Yesterday, I reported that Athletes First led the pack of agencies in terms of number of clients drafted this year with a total of 16 players taken in the 2 days of the NFL Draft. Its President/CEO is David Dunn, who I have discussed on the blog a long time ago and recently had the privilege of meeting at the 2008 Princeton Sports Law Symposium. He recently joined Brian Berger on Sports Business Radio. To hear the segment with Dunn, skip to about the 25 minute mark.
It has been a while since Dunn’s 18 month suspension handed down by the NFLPA, and it surely does not seem to be affecting his business. In the segment with Berger, Dunn started off discussing the process behind the rise of Mark Sanchez leading up to the draft. He admitted that he does not have very much control over draft day and that its actually his clients who can influence their draft stock through workouts, visits with potential suitors, etc. Interestingly, Dunn and Athletes First represent both Sanchez and his competitor for the starting job on the Jets, Kellen Clemens. Dunn dodged a conflict of interest question posed by Berger pretty effectively.
Mike Florio of ProFootballTalk.com also brought up the conflict of interest yesterday.
Every agent should want his client to be a starter — and should be doing everything he can to make the case for the player to start.
Clemens needs an agent who’ll be doing just that. And Sanchez needs an agent who’ll do the same, especially since his contract will have a big-money one-time bonus triggered by participating in 35 percent of the snaps this year, of which Dunn will get a fee.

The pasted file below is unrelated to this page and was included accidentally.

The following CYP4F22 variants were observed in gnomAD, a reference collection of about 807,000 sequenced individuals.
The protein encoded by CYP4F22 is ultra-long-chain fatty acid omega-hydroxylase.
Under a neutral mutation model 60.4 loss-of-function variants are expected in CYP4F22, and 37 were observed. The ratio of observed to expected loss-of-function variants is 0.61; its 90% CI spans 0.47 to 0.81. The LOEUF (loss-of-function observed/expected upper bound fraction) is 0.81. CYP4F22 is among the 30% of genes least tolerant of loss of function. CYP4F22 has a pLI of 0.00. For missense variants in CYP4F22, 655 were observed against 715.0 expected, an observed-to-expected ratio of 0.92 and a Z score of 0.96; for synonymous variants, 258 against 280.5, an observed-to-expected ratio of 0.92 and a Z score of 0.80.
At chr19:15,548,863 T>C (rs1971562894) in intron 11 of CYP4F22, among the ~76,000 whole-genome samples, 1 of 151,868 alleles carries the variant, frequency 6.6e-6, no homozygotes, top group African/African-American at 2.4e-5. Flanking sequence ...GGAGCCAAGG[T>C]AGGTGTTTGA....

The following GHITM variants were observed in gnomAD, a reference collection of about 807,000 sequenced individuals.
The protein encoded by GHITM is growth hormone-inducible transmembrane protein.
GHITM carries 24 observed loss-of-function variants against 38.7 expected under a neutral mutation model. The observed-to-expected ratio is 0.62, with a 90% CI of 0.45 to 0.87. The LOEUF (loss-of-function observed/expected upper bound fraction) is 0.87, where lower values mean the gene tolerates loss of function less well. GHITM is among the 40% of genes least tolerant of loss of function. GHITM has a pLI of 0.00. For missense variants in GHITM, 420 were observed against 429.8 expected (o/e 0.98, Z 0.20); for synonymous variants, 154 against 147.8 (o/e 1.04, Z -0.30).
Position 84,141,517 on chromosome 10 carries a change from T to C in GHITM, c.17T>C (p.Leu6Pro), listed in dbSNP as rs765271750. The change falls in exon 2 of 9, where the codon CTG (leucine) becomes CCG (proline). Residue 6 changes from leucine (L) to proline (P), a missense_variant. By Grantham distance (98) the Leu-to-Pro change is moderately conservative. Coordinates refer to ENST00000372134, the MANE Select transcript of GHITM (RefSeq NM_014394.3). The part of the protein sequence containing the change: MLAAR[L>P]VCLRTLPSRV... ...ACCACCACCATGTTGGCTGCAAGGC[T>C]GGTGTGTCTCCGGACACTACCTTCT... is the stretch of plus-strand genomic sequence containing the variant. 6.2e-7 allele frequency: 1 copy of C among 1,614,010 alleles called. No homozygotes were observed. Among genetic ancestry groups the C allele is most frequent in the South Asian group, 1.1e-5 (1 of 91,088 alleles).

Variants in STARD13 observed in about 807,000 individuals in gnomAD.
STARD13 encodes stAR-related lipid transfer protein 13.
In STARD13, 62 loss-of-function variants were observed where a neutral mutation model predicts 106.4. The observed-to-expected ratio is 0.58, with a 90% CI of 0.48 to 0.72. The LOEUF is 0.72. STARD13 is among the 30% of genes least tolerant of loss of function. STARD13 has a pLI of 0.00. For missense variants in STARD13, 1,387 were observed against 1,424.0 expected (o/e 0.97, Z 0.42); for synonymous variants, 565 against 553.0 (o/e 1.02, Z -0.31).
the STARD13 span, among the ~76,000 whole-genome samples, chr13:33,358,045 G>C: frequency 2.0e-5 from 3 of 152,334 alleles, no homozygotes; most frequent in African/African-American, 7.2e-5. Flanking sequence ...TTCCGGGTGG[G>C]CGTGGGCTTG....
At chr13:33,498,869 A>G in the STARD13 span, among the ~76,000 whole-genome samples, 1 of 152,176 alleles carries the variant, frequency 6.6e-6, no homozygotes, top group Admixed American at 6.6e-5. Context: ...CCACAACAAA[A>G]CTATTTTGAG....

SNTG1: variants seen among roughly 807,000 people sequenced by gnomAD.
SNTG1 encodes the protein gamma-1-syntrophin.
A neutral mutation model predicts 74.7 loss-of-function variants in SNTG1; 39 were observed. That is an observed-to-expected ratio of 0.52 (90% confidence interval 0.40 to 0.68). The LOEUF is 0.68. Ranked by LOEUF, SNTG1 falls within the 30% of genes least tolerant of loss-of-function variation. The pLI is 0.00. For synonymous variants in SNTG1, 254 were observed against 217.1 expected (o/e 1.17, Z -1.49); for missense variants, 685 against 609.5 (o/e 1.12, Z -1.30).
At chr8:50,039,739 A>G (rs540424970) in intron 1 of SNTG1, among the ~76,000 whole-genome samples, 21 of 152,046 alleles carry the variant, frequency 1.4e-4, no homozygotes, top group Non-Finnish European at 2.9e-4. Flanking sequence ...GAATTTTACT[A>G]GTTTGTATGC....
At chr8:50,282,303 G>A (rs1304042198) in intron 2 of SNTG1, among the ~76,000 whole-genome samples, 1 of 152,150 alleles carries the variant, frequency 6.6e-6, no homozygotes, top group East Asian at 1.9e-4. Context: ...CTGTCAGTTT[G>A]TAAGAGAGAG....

Dunn, however, has no choice but to keep his head low and his mouth shut. So, neither guy will be getting the best possible representation.
It’s a conflict of interest. And one of the two players should hire a new agent.
Though, on the surface, Dunn and his colleagues at Athletes First might not appreciate our decision to raise this point, Dunn likely would be relieved if Clemens decided to hire another guy, so that Dunn could then begin doing everything he can to ensure that Sanchez will be the Week One starter.
As far as marketing Sanchez, Dunn stated that his approach to marketing is more conservative than most for incoming rookies. His philosophy is to let the players’ performance on the field help them on the marketing end. So don’t expect Sanchez to have any huge national media campaigns anytime soon, but do expect Sanchez to take at least a few jobs in the NY region.
Besides talking about Sanchez, Dunn discussed the collective bargaining talks and how he is not as opposed to a rookie cap as many in our profession are. He represents a lot of veterans and does not mind more money going to them instead of unproven rookies.
Berger’s last question was: What is it really like to be an agent? Dunn responded by saying that he has taken a few red-eyes and coach lately, had his kid throw his phone in the toilet, and talked to owners of teams while changing his kid’s diaper, but he loves his job.